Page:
5 Stability of attachment into later childhood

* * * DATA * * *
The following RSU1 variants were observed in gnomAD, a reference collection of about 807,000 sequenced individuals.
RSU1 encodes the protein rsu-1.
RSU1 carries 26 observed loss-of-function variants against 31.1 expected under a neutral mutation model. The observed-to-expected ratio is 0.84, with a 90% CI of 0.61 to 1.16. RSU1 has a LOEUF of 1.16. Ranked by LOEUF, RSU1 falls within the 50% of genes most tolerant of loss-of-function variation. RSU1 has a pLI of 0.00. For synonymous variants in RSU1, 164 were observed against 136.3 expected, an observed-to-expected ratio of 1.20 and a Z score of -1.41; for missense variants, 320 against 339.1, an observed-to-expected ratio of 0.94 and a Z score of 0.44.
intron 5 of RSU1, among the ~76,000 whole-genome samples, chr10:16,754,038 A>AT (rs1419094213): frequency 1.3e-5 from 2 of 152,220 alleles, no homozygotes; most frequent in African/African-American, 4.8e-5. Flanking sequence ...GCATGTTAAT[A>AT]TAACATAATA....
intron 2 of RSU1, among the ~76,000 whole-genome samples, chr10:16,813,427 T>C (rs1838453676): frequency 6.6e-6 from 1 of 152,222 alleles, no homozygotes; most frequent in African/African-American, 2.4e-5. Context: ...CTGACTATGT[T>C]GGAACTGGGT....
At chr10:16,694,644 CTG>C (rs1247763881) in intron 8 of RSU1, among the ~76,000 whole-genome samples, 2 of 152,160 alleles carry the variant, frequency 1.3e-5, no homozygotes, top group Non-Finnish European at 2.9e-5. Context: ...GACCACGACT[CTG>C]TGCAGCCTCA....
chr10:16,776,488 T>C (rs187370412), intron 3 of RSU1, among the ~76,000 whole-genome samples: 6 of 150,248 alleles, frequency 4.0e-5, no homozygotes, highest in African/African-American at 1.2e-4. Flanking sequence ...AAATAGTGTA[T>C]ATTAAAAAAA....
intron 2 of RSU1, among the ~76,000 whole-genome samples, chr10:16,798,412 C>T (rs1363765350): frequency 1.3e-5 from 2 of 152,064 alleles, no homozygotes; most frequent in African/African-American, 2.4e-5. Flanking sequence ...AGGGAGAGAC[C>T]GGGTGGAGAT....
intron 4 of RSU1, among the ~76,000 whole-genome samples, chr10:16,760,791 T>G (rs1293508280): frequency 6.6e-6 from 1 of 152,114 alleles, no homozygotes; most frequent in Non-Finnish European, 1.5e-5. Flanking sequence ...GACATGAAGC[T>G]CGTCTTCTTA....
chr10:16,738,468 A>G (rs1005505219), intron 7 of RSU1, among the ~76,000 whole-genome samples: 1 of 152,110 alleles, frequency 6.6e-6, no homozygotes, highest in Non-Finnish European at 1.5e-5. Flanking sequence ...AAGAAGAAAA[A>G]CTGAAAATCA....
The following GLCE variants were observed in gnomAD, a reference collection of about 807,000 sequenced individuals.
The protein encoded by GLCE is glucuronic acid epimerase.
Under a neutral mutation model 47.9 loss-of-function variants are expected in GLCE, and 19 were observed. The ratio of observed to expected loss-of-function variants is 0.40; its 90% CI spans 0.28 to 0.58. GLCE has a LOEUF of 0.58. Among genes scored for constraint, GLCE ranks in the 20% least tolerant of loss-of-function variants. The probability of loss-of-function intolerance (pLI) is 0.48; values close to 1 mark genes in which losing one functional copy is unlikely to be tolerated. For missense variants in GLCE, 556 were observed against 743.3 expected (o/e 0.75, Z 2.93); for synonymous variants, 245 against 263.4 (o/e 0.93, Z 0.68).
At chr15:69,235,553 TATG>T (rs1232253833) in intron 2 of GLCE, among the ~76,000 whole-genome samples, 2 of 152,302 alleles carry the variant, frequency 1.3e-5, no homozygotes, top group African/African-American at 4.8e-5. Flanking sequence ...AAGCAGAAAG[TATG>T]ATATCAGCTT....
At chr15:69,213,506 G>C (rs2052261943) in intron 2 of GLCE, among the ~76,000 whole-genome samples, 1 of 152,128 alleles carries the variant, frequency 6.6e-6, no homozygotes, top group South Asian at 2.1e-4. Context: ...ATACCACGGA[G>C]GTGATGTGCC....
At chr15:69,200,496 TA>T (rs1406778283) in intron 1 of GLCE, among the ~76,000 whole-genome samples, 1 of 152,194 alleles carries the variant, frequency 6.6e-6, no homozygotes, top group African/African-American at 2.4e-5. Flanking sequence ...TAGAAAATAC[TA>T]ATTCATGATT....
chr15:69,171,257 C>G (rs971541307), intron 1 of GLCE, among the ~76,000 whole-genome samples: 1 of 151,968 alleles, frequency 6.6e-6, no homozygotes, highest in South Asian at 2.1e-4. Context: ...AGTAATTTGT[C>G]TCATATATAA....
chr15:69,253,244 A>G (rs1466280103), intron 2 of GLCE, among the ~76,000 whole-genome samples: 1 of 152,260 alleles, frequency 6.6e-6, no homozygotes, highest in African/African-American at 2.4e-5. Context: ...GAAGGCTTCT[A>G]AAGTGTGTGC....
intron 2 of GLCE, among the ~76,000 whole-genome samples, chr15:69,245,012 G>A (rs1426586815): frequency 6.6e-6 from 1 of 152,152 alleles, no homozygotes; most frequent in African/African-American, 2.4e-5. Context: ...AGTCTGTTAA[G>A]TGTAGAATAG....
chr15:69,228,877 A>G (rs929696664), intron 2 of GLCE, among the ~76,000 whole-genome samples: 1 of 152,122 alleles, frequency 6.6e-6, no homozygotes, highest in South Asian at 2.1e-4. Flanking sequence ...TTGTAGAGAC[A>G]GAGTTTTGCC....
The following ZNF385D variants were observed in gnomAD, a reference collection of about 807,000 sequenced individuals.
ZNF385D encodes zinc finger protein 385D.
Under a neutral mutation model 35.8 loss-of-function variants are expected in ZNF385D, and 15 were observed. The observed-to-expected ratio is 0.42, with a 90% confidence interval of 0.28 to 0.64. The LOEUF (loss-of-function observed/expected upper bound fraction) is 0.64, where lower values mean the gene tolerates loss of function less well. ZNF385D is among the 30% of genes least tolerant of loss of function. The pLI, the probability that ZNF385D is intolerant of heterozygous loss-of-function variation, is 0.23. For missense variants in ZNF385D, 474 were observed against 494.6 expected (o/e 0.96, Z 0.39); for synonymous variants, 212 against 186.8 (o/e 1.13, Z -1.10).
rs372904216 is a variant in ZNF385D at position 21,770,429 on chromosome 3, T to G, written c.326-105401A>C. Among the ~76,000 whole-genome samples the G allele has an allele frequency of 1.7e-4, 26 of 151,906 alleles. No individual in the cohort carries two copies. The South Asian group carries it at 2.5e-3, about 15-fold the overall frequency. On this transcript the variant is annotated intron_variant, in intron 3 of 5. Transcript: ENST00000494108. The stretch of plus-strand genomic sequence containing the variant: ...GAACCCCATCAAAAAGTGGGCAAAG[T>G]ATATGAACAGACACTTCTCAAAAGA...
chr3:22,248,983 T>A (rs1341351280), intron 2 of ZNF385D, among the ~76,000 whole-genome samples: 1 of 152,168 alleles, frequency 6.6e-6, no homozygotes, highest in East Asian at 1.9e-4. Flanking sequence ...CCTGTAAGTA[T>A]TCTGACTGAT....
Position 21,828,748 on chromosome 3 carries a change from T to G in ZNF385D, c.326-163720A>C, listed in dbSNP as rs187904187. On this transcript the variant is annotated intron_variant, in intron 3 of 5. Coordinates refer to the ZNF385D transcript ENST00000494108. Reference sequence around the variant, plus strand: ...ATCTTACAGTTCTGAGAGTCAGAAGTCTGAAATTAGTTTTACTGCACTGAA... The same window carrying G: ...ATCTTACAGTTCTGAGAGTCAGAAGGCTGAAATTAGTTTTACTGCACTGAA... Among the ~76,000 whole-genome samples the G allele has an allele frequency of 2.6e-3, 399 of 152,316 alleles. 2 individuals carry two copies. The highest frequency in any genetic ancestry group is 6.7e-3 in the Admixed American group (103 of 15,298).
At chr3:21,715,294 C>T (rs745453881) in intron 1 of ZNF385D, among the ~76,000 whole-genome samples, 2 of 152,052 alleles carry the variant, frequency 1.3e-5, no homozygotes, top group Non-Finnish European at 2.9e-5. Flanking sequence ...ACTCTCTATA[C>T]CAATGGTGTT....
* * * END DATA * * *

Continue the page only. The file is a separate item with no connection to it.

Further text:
Predictions of subsequent development from Strange Situation attachment classifications are far from perfect, regardless of which attachment type is concerned (Lamb et al., 1985; Thompson, 1998). Rather, the predictive relationship between Strange Situation behaviour in infancy and subsequent child behaviour is found only when there is stability in caregiving arrangements and family circumstances, which maintain stability in patterns of parent–child interaction. This raises the interesting question of whether the prediction over time is attributable to individual differences in the quality of early infant–parent attachments or instead to the continuing quality of child–parent interactions over time? The latter would imply that the quality of early relationships was predictively valuable; not because it caused later differences directly, but because it presaged later differences in the quality of relationships that in turn support continuing differences in the child’s behaviour. Such a pattern of findings would suggest that stability in attachment is a consequence of stability in parent–child interactions and some evidence has been found that supports this (Belsky and Fearon, 2002).